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Using migrations with branching

To nicely support language evolution, migrations automatically upgrade client code to use the latest version of a language or multiple languages. The Migrations documentation describes the process of creating and running migrations in MPS. Briefly, in order to change models to comply with the language changes, language authors can provide migrations. MPS automatically tracks language versions used in projects and asks the end-user to apply needed migrations.

While there are hardly any surprises when using a single branch of development, typical team setup involves multiple branches for features as well as bug fixes. With multiple branches teams will inevitably face situations like having different versions of languages in different branches, which makes the merge procedure much more challenging.

The main rule of painless merge

To merge two branches smoothly, all languages used in those branches should be of the same versions. The following describes a simple workflow that allows you to easily synchronise language versions in two branches.

No migrations were created in any of the merged branches

To sync language versions, just update languages in the outdated branch and run required migrations. Now both branches have the same versions of used languages and can be easily merged.

Some migrations were created

All considered cases have the same idea behind them: never merge branches that differ in versions of used languages. Thus we need to propagate all the migrations into both branches before merging them.

1. One migration was developed in one of the branches

The only special thing that should be done when you write a migration is that there should be a commit (name it C) containing the migration itself, but no code should be migrated in the same commit. The migrated files can be committed later, e.g. in the following commit.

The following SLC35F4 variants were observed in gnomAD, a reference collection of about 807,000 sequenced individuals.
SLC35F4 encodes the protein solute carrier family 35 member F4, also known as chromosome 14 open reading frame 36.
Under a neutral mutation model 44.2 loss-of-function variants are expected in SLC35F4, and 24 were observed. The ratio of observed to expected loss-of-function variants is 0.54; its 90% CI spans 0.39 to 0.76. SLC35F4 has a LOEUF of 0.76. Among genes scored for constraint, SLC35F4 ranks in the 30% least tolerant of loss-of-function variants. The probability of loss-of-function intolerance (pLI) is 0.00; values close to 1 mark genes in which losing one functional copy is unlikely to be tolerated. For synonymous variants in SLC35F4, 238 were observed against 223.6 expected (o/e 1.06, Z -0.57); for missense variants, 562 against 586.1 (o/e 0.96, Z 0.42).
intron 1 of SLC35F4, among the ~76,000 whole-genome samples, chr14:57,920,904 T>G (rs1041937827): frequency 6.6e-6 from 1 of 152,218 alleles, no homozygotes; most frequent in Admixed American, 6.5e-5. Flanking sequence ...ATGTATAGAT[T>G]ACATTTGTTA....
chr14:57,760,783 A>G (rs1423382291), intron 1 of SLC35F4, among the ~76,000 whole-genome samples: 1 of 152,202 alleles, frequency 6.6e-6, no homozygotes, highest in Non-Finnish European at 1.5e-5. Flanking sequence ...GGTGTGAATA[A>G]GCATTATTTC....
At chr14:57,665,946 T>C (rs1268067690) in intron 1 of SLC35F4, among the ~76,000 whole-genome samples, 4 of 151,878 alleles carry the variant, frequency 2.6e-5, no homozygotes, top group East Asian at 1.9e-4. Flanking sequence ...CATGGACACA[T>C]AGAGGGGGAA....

The main idea here is to give other branches a possibility to get the new migration without having to merge different versions of used languages.

Now, your history looks like this:

       |--- C ---  [branch 1]

------|

       |------------  [branch 2]

To merge branches b1 and b2

  1. Merge b2 with commit C. Now you have the new migration in b2. 
  2. Run the migration on b2
  3. Merge with b1's HEAD

Quite simple, isn't it?

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It is a good habit to create a separate commit whenever you're adding a new language migration. This allows other branches to get your migration safely without having to bother with the upgrades that the migration caused to code in your branch.

2. Two or more migrations in one of the branches

The principle remains the same, it is just repeated two or more times

       |----- C1 — C2 –  [branch 1]

------|

       |------------  [branch 2]

  1. merge b2 with C1
  2. run C1's migration on b2
  3. merge with C2
  4. run the migration on b2
  5. merge with b1
3. Migrations were created in both branches

In general, we recommend you to avoid this situation as it's harder to resolve. This scenario can best be avoided by having all migrations created in only one agreed-upon branch (e.g. master).

But if you got into this situation, here's a way to resolve it gracefully:

       |--- C1 -----  [branch 1]

------|

       |--- C2 -----  [branch 2]

  1. Merge b2 and C1, b1 and C2
  2. Run C1's migration on b2, C2's migration on b1
  3. merge the branches
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